Woolcock, Turnbull & Lupatelli: the three Good Frog Artists.

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matrix
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Re: Peter Woolcock: the Good Frog Artist.

Post by matrix »

Continuing on from the question Phil asked on the 'Playhour' thread, the 'Willow Wood' scans are from 'Playhour' march 1956. For me Phil Toby toad looks very similar to his early Freddie frog, would you agree?

As a matter of interest Phil, do you or anyone else know when he stopped drawing Freddie Frog? I know Douglas Turnbull was doing some nice examples through 1963.

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philcom55
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Re: Peter Woolcock: the Good Frog Artist.

Post by philcom55 »

Woolcock's Freddy appeared in Jack & Jill well into the 1980s, though I think most of the later episodes were reprints (and as you say there were also some drawn by other artists). By contrast he seems to have carried on drawing new adventures of Mr. Toad in Playhour right up to his retirement. As can be seen from the date stamps on this piece of original art it looks as though it originally appeared in February 1980 and was then reused in June !985 (five years being a reasonable period to ensure that the first group of readers will have grown up and moved on to other publications).

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And while I'm at it here's another piece of his original art - this time from 1979 (reprinted 1985).

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Apart from his colouring Toby Toad certainly has a look of both Freddy Frog and the early Mr. Toad.

It's interesting to see that 'Willow Wood' started out with a much larger cast of rotating characters before it settled on Wally Weasel, Sammy Stoat and Harry Hamster for its regular stars. As can be seen from this August 1956 episode Wally and Sammy actually seem to have predated Harry as a Laurel & Hardy style comedy double act - though their diminutive companion duly tagged along to provide the brains of the outfit (such as they were) just a few weeks later.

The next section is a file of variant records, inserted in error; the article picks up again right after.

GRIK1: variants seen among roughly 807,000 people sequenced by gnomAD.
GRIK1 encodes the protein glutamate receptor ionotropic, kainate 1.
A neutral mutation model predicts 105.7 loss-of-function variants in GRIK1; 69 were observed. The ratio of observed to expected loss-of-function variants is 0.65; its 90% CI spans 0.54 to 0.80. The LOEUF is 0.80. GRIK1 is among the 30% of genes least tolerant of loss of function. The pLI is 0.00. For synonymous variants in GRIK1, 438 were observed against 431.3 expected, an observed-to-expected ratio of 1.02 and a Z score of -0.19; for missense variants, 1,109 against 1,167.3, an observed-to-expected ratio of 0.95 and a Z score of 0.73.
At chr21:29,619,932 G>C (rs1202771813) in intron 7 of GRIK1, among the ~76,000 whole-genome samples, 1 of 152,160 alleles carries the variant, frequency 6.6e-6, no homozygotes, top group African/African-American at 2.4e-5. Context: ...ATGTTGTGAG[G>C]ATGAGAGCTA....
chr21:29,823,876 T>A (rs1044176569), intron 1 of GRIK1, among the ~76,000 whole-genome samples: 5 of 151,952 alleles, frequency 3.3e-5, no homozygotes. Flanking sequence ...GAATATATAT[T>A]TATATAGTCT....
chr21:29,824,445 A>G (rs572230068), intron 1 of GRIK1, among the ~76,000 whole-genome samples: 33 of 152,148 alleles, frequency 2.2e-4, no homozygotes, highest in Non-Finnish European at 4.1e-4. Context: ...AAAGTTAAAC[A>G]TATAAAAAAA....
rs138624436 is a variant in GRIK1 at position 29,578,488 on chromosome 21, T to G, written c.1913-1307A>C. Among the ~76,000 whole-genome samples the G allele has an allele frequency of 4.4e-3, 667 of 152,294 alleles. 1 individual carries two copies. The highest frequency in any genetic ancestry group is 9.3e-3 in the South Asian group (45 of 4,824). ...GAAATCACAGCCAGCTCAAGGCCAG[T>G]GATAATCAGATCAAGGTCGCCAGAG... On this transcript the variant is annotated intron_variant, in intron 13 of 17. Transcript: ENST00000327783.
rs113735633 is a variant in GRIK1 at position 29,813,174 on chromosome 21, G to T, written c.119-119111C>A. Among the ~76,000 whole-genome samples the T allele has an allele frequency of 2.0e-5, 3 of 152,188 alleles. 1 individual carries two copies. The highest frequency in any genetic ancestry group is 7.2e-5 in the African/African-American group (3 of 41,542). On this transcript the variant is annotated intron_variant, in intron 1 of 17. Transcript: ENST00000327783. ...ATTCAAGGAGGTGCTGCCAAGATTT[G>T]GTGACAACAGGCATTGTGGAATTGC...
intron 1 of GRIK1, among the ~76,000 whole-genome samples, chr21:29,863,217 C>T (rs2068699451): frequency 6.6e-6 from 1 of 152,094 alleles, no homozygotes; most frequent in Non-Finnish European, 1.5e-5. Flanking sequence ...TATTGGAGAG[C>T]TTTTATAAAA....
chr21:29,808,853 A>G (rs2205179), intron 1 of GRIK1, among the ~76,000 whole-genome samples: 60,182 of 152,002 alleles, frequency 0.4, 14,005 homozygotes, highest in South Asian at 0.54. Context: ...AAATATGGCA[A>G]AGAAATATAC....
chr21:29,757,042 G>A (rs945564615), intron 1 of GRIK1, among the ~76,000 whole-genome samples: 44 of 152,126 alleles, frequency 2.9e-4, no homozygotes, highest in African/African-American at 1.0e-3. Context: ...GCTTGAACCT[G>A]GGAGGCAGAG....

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- Phil Rushton

matrix
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Re: Peter Woolcock: the Good Frog Artist.

Post by matrix »

Nice examples, love the audience in the 1980 one!

He did work for a long time on 'Freddie frog'. I guess Mr Turnbull took over in the early sixties while he was working on 'Mr toad' in 'Harold Hare'?

If you don't mind Phil, I am scanning a Douglas Turnbull example for comparison.
Attachments
Freddie.frog.1.jpg
Freddie.frog.2.jpg

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suebutcher
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Re: Peter Woolcock: the Good Frog Artist.

Post by suebutcher »

I'd say the "Freddie Frog" page in Phil's first post is by Turnbull, then.

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philcom55
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Re: Peter Woolcock: the Good Frog Artist.

Post by philcom55 »

This is really fascinating Matrix! :) My initial premise for this thread was the idea that - as with Carl Barks on Donald Duck - there was one Frog artist who stood head and shoulders above the others by virtue of his sheer ability. If it's correct that Douglas Turnbull drew those last pages, however, then it's quite clear that there were at least two 'Good Frog Artists' all along! I'd be really interested to hear how you were able to establish the provenance of that strip (possibly with a signature?). The frustrating thing is that I can find very little mention of Turnbull on any of the lists of British comic artists at my disposal - which, for someone so obviously talented, is quite appalling.

I'd previously assumed that the stylistic differences between Mr. Toad and Freddie resulted from a conscious attempt to give them subtly different characters: the rubbery querulousness of Freddie's mouth contrasting markedly with Toad's haughty self-importance. In spite of that, however, I must admit that I was already having some difficulty explaining the way in which the look of Freddie's strips could change from one week to the next during the early days. Looking over the few issues of Jack & Jill I own from the 1950s I'm now inclined to agree with Sue that, while Woolcock drew the very earliest Freddie the Frog strips circa 1954, the vast majority - including the frames shown at the beginning of this thread - must have been the work of Turnbull (with others, possibly, being contributed by Gordon Hutchings and Sergio Asteriti).

Far from being disappointed to discover that some of my Woolcock originals weren't drawn by him after all I now find that I'm more enthusiastic than ever to find out about their real artist. Compared to other genres of British comics it's really amazing how much remains to be discovered about the Nursery titles.

- Phil Rushton

matrix
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Re: Peter Woolcock: the Good Frog Artist.

Post by matrix »

To be honest Phil, I didn't even look at that original work again until Sue mentioned it, I just liked these examples by Turnbull and wasn't sure whether you had seen many of them. As far as I can tell he was the artist for 'Freddie' right through 1963.

The original scan does have a signature but hard to see on the last panel, so scanning a different one for you to see.

Douglas Turnbull also worked on 'Mimi and Marmy' for 'Playhour', when?
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Freddie.frog.3.jpg

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philcom55
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Re: Peter Woolcock: the Good Frog Artists.

Post by philcom55 »

Gosh! - that's really useful. It's surprising how easy it becomes differentiating between Woolcock and Turnbull - the two 'Good Frog Artists' - when you know what to look for! I really wish British comic publishers had encouraged artists to sign all their work as a matter of course!